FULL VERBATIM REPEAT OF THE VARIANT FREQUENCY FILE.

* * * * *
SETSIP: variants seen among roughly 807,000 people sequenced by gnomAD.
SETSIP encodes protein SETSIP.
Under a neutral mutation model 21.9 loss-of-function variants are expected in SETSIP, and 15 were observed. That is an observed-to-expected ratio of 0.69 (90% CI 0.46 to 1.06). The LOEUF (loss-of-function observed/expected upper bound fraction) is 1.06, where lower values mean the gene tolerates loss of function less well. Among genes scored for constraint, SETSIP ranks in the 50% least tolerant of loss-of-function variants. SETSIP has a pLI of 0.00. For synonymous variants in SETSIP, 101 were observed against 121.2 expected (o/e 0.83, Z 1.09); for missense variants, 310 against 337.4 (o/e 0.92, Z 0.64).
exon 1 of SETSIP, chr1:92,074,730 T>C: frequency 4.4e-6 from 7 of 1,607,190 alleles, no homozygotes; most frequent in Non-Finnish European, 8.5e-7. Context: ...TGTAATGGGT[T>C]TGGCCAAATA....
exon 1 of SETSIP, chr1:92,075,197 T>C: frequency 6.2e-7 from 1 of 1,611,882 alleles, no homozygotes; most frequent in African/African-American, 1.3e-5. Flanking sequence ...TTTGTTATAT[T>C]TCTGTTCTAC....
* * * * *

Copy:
SETSIP: variants seen among roughly 807,000 people sequenced by gnomAD.
SETSIP encodes protein SETSIP.
Under a neutral mutation model 21.9 loss-of-function variants are expected in SETSIP, and 15 were observed. That is an observed-to-expected ratio of 0.69 (90% CI 0.46 to 1.06). The LOEUF (loss-of-function observed/expected upper bound fraction) is 1.06, where lower values mean the gene tolerates loss of function less well. Among genes scored for constraint, SETSIP ranks in the 50% least tolerant of loss-of-function variants. SETSIP has a pLI of 0.00. For synonymous variants in SETSIP, 101 were observed against 121.2 expected (o/e 0.83, Z 1.09); for missense variants, 310 against 337.4 (o/e 0.92, Z 0.64).
exon 1 of SETSIP, chr1:92,074,730 T>C: frequency 4.4e-6 from 7 of 1,607,190 alleles, no homozygotes; most frequent in Non-Finnish European, 8.5e-7. Context: ...TGTAATGGGT[T>C]TGGCCAAATA....
exon 1 of SETSIP, chr1:92,075,197 T>C: frequency 6.2e-7 from 1 of 1,611,882 alleles, no homozygotes; most frequent in African/African-American, 1.3e-5. Flanking sequence ...TTTGTTATAT[T>C]TCTGTTCTAC....